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ECR -> http://www.eaglescanyon.com/2008/home.php

Just joined so I can get all the track time I have time for (meaning not a lot $#%@$#%@#$%)

 

Some videos of me going (slowly) around the track: http://www.youtube.com/tweekscratch

I label things pretty clearly. I have some video from some pretty fast riders going around ECR.

 

Anyway - 2 step makes a lot of sense. I think my basic control of the bike is good and I have good lines so reference points make sense. I'll just have to go find RPs to look at to help me setup my entrances.

 

The ECR track record is 1.39 in an open wheeler. I think the record on a bike is in the low 1.40s. My goal is just to get below 2 minutes. I would like ot see a 2:15 before New Years.

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ECR -> http://www.eaglescanyon.com/2008/home.php

Just joined so I can get all the track time I have time for (meaning not a lot $#%@$#%@#$%)

 

Some videos of me going (slowly) around the track: http://www.youtube.com/tweekscratch

I label things pretty clearly. I have some video from some pretty fast riders going around ECR.

 

Anyway - 2 step makes a lot of sense. I think my basic control of the bike is good and I have good lines so reference points make sense. I'll just have to go find RPs to look at to help me setup my entrances.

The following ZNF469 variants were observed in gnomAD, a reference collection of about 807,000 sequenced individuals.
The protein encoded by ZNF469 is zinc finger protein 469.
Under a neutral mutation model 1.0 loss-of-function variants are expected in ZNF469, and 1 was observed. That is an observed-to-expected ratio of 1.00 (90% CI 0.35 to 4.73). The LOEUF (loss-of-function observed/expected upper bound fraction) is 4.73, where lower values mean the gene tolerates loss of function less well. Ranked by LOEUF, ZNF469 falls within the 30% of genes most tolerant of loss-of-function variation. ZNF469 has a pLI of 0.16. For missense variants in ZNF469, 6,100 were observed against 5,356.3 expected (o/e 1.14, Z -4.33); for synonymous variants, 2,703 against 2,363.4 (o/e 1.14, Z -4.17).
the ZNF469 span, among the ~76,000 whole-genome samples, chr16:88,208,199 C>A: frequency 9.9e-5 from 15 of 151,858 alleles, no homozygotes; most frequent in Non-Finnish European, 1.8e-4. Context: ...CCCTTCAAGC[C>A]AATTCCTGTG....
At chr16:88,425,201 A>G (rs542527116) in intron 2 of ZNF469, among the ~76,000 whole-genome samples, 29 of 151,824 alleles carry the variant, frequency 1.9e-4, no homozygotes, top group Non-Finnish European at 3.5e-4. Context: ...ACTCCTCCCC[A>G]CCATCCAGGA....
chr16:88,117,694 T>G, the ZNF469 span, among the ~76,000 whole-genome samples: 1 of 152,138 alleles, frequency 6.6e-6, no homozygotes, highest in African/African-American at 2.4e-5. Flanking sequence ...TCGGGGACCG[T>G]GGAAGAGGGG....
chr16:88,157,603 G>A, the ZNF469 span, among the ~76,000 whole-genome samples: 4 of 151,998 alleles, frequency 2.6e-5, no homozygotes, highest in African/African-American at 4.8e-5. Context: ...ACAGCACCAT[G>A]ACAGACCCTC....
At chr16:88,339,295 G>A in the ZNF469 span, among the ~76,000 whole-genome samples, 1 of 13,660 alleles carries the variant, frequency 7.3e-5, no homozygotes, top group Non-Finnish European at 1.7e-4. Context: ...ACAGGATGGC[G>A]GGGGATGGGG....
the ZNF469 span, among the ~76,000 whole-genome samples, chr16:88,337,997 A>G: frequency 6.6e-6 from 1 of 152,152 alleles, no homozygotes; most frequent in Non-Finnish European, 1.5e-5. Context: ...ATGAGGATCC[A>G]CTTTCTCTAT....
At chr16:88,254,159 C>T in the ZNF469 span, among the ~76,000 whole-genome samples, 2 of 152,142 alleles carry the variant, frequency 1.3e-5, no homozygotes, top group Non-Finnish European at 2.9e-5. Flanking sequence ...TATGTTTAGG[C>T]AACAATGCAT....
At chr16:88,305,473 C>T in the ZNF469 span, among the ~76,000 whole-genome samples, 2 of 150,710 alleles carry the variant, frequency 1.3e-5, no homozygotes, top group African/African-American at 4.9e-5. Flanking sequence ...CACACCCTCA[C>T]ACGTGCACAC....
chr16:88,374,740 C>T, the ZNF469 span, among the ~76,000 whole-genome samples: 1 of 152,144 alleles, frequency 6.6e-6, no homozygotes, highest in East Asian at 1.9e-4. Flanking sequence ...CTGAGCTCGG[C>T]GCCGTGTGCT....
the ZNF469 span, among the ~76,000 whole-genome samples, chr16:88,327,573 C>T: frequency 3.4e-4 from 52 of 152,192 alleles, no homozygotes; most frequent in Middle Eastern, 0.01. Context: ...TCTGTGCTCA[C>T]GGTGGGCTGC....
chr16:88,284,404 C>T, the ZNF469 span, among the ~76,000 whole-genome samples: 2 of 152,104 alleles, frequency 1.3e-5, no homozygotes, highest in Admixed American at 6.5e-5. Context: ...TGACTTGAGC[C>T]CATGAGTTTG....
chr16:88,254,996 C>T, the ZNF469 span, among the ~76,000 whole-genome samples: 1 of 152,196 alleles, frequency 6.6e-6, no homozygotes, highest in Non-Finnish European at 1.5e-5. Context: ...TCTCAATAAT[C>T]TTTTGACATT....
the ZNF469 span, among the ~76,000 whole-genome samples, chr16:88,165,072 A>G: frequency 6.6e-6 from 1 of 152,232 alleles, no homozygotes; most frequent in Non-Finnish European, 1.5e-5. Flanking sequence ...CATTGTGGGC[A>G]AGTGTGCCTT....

The ECR track record is 1.39 in an open wheeler. I think the record on a bike is in the low 1.40s. My goal is just to get below 2 minutes. I would like ot see a 2:15 before New Years.

 

I bet if you worked on your Quick Turns too, you'd increase your entry speed without having to brake as much. Put them together and you'll get a repeatable line you can fine tune. Hope you have fun And good luck breaking the 2 min barrier :)

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The other drill that will help is the no brakes drill, allows you to get comfortable with having more entry speed, and helps you get a better feel for what is a good entrance speed while gradually increasing it.

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The other drill that will help is the no brakes drill, allows you to get comfortable with having more entry speed, and helps you get a better feel for what is a good entrance speed while gradually increasing it.

 

Totally right Sleepr. I will be trying it at my next track day, although I'll probably be the only one doing it :)